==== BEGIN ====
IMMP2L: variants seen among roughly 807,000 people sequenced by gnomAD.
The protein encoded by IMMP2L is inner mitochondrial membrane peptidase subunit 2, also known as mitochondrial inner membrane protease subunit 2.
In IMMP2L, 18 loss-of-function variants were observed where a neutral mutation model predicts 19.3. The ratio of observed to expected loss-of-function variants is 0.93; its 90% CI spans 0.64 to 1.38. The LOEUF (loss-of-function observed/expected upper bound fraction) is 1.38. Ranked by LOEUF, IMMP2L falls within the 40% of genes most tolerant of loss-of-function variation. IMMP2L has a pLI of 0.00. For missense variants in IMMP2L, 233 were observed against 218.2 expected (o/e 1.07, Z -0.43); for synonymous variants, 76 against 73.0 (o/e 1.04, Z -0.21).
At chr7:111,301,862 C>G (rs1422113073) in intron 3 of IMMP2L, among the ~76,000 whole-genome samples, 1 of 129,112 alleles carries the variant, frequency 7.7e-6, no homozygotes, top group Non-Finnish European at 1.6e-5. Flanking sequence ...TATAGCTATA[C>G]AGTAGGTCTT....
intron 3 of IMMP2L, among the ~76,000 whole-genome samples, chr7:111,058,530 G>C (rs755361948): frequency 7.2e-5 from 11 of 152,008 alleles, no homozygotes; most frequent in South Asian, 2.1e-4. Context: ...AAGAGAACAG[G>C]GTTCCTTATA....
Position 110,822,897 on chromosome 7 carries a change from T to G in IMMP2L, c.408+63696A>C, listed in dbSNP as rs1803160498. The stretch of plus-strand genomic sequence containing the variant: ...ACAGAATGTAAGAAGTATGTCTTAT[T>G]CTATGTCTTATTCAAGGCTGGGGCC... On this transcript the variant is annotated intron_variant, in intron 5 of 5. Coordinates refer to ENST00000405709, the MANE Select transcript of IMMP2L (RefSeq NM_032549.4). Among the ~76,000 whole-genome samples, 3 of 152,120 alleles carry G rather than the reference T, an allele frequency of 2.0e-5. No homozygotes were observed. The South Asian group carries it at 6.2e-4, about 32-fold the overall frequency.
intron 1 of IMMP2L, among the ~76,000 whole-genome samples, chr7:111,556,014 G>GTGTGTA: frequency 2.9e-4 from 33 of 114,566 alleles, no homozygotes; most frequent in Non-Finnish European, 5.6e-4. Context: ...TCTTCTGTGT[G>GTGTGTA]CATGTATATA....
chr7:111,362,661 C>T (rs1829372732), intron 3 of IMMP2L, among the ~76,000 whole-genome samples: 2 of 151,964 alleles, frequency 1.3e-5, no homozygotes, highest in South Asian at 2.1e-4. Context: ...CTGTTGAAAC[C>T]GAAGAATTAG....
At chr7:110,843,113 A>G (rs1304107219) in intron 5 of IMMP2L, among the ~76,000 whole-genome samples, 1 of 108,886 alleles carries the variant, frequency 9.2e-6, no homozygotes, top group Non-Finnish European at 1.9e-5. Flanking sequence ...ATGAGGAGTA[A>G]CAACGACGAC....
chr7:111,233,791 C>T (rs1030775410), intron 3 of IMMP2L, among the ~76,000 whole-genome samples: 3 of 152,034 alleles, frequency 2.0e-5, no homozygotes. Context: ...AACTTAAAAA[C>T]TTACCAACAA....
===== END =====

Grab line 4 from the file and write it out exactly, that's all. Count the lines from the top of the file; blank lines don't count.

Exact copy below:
At chr7:111,301,862 C>G (rs1422113073) in intron 3 of IMMP2L, among the ~76,000 whole-genome samples, 1 of 129,112 alleles carries the variant, frequency 7.7e-6, no homozygotes, top group Non-Finnish European at 1.6e-5. Flanking sequence ...TATAGCTATA[C>G]AGTAGGTCTT....